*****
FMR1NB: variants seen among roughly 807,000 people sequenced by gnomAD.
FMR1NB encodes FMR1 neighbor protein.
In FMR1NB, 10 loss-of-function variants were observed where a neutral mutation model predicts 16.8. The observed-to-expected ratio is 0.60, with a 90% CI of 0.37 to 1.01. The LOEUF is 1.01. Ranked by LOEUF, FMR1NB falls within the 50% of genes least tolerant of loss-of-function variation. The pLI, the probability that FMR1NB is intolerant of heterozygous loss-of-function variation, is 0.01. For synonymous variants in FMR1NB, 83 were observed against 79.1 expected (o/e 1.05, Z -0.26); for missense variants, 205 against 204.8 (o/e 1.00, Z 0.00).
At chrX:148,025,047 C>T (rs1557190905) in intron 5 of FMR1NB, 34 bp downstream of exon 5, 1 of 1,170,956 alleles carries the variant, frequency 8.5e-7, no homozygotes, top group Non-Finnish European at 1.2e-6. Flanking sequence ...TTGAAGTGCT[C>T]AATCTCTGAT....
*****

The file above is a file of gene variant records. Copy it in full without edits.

FMR1NB: variants seen among roughly 807,000 people sequenced by gnomAD.
FMR1NB encodes FMR1 neighbor protein.
In FMR1NB, 10 loss-of-function variants were observed where a neutral mutation model predicts 16.8. The observed-to-expected ratio is 0.60, with a 90% CI of 0.37 to 1.01. The LOEUF is 1.01. Ranked by LOEUF, FMR1NB falls within the 50% of genes least tolerant of loss-of-function variation. The pLI, the probability that FMR1NB is intolerant of heterozygous loss-of-function variation, is 0.01. For synonymous variants in FMR1NB, 83 were observed against 79.1 expected (o/e 1.05, Z -0.26); for missense variants, 205 against 204.8 (o/e 1.00, Z 0.00).
At chrX:148,025,047 C>T (rs1557190905) in intron 5 of FMR1NB, 34 bp downstream of exon 5, 1 of 1,170,956 alleles carries the variant, frequency 8.5e-7, no homozygotes, top group Non-Finnish European at 1.2e-6. Flanking sequence ...TTGAAGTGCT[C>T]AATCTCTGAT....